Battle of Messines Ridge centenary

7-14 June 1917

Paula Kitching, published 9th June 2017

An often overlooked Allied success in the First World War

Messines Ridge is part of the arc of high ground in the south-east corner around Ypres in Flanders, to which the Germans tactically withdrew in autumn 1914 helping to form the Ypres Salient. From this vantage point the Germans were able to see just about anything the Allies did in the lower half of the Salient. The higher ground also enabled the Germans to be well dug in and protected from attack.

Tactical advantage

Removing the Germans from this strategic position was a key aim of the British to break the deadlock in Flanders. In some cases the ridge was nothing more than a small rise in the ground, yet still one that provided key tactical advantages. That had been the case at Hill 60 on the very edge of the arc where numerous battles had been fought by the British in an attempt to take the few metres of height that constituted high ground in the otherwise flat landscape.

Battles at Hill 60 had led to thousands of British casualties, the awarding of VCs and Paul Nash’s memorable landscape of horror. Ultimately it had led to frustration and no clear move forward for the Allies.

Planning the attack

The battle plan for the Attack on Messines demonstrated the learning that the British military leadership had gone through as a result of the events at the Somme. Planning started months before the attack, using the new ideas around mining and underground detonations. The attack was limited to a clear area, using well trained troops, a creeping barrage and in the air support. The planning had begun in 1916 by General Plumer who was determined to ensure the attack was successful with minimal loss of life to the Allies side.

Along the 9-mile stretch of the ridge mining groups from the UK, Australia, New Zealand and elsewhere dug 21 mine cavities. The physical effort to dig and secure the tunnels to get under the ridge was enormous. There was also the need to remove the earth and ensure air reached the miners and water was kept out. The whole time they were digging the Germans were listening out, trying to locate the tunnels. An estimated 8,000 metres of tunnels were dug.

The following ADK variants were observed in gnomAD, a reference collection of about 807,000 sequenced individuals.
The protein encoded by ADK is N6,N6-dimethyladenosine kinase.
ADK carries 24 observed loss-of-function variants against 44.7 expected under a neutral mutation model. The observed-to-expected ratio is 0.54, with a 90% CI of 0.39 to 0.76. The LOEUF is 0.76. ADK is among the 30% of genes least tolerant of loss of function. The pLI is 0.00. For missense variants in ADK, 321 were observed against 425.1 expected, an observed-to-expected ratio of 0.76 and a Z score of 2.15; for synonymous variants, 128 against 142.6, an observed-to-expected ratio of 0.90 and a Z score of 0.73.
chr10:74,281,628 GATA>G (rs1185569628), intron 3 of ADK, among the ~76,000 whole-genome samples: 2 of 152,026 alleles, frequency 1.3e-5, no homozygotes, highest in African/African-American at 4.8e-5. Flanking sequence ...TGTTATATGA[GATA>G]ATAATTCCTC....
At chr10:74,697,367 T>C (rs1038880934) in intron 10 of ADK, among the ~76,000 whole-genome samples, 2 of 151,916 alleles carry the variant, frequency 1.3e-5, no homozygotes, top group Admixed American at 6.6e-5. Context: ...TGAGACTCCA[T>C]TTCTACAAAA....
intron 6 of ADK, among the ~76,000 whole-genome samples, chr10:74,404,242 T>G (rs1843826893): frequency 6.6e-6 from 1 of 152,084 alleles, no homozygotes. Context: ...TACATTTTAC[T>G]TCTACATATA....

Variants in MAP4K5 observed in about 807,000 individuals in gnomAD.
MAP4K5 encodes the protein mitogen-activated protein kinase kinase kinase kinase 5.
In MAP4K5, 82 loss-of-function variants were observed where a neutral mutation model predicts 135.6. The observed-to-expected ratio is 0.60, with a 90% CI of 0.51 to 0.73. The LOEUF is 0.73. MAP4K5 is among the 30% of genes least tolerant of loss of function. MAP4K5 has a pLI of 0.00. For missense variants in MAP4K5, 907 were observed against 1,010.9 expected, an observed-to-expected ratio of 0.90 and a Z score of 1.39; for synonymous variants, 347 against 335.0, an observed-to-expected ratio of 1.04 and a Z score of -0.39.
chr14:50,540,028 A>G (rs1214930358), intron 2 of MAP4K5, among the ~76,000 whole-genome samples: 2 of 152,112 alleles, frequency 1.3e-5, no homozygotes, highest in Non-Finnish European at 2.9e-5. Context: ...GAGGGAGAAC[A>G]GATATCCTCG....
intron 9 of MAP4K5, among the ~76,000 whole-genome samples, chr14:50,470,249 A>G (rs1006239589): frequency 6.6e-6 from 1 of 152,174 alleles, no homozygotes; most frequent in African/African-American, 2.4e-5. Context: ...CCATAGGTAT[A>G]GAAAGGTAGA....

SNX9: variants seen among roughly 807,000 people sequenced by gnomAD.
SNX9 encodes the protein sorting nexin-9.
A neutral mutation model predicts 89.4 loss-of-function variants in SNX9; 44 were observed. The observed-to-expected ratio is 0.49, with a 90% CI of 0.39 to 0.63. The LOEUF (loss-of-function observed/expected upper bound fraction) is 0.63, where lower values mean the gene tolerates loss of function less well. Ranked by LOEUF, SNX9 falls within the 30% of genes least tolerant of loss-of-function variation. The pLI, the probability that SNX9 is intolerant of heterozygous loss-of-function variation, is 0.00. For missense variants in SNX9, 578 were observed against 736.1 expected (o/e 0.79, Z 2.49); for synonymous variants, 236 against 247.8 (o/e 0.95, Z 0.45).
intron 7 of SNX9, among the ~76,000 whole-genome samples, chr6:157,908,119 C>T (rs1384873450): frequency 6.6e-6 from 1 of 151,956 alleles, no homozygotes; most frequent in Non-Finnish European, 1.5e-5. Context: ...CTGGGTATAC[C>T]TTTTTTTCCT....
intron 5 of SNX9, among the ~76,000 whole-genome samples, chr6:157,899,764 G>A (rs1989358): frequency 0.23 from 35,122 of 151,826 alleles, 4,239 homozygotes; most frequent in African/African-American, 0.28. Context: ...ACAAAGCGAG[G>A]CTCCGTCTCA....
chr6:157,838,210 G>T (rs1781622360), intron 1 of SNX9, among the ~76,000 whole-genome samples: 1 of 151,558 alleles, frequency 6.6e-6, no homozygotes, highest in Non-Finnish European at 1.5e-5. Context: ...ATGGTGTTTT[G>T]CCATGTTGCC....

By early June 1917 the mines were complete and packed with specially developed explosives. Some of the mines contained over 90,000 lbs of explosives. Plumer launched an artillery offensive for a week before the attack, knowing that the Germans would withdraw to their dugouts and then return to their battle stations with reserves coming up to support them as soon as the bombardment stopped. This was an essential part of the attack plan for the British; they wanted as many Germans on the ridge when the attack began.

The attack begins

The bombardment finished at 2.50am on 7 June and the Germans immediately went to their positions, waiting for an infantry attack. Instead at 3.10am Plumer gave the order for the mines to be detonated simultaneously.  Over 600 tonnes of explosives created the largest man-made earth tremor then known; some say it was felt in London.  10,000 Germans were killed immediately.

The British infantry then advanced behind a creeping barrage, providing them with safety from any remaining Germans trying to defend what was left of their positions. Air cover to stop German air observation and most importantly to provide communication of how the troops were progressing and what support was needed was essential to the attack. It demonstrated to all around the growing significance and role of airplanes in conflict.

ANZAC and Canadian forces had fought alongside the British forces in the attack. The British forces had included Ulster Forces of Catholic and Protestant soldiers. Everyone was keen to finally push forward.

Capturing the ridge

In only a week the British attack had captured the ridge they had spent over two years staring at. It demonstrated that lessons could be learned in war and tactical changes combined with technology and understating could make a difference. The Germans were devastated by the attack, taking approximately 25,000 casualties and 10,000 missing including over 7,000 captured. The British had just under 25,000 casualties and of those that died their bodies lay in the CWGC cemeteries around Messines and the village of Wytschaete.

Sadly the successes of Messines have often been forgotten, overshadowed by the much larger battle that was to follow six weeks later. Spurred on by the success of Messines, Haig launched his offensive on the top section of the Ypres Salient – the Third Battle of Ypres. Of course the Third Battle of Ypres is now more commonly known as Passchendaele, and lasted for months rather than days, resulting in thousands of casualties and some of the worst conditions and memories of the whole war. Passchendaele’s failures overshadowed many of Messines successes.

However, this week let us remember a success in war while reflecting that any success in conflict comes with a cost.